February 27–March 28, 2015
Analia Saban has gained renown for work that playfully carves open the conventions of photography, painting and sculpture. Interiors, her third exhibition with Sprüth Magers and her first in the London gallery, evokes an array of ideas about how genre and media affect our perception of different artworks, and vice versa. Using the constituent parts of her media as her very subject matter, Saban constructs a dialogue between the conventions that delineate various genres and the manifestation of these characteristics in the anatomy, or “interior,” of individual artworks.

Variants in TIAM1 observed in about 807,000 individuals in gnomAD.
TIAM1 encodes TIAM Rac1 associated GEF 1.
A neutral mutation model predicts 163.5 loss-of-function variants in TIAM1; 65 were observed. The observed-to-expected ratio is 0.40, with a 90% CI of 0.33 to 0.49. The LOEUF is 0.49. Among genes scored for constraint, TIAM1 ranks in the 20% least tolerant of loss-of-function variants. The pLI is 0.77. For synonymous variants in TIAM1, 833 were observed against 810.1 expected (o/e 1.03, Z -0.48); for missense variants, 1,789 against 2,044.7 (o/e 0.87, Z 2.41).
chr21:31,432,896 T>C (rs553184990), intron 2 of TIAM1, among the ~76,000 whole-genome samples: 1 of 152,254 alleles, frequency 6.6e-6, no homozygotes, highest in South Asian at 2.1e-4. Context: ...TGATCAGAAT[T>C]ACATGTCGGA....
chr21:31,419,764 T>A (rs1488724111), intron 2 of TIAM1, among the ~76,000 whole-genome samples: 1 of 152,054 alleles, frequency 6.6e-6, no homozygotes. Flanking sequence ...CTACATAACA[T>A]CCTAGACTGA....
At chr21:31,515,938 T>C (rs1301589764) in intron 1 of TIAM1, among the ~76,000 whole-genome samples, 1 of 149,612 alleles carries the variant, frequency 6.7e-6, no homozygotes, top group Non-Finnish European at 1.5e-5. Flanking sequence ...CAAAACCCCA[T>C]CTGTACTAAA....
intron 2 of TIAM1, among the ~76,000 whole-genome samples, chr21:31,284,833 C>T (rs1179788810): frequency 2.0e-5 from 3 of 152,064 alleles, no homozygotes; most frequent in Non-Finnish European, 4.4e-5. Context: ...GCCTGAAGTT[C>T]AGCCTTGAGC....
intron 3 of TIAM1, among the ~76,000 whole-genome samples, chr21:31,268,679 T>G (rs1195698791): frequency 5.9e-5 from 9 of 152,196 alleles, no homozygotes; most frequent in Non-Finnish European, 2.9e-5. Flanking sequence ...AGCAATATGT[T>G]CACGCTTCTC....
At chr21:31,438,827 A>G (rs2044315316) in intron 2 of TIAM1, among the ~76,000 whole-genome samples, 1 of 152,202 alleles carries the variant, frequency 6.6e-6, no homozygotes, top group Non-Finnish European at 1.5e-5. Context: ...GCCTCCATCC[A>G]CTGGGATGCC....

In the large gallery, Claim (from Chesterfield Sofa) (2014) appears at first glance like two objects—a sofa and, with a sly nod to that interior-decorating cliché, the painting above it in matching neutral colours. But the work is in fact a single, integrated sculpture, with both objects unified by the large piece of canvas that they share. The canvas spreads and grows from the stretcher, invading the interior of the room, perversely merging with the sofa. The paradoxical mood of this work extends to Draped Marble (Fior di Pesco Apuano) (2015), where a thin slab of marble hangs from a pristine sawhorse as if it were a wet towel. Cracking where it folds, yet just maintaining its form, the marble fails to live up to its essence as a material prized for hardness and permanence.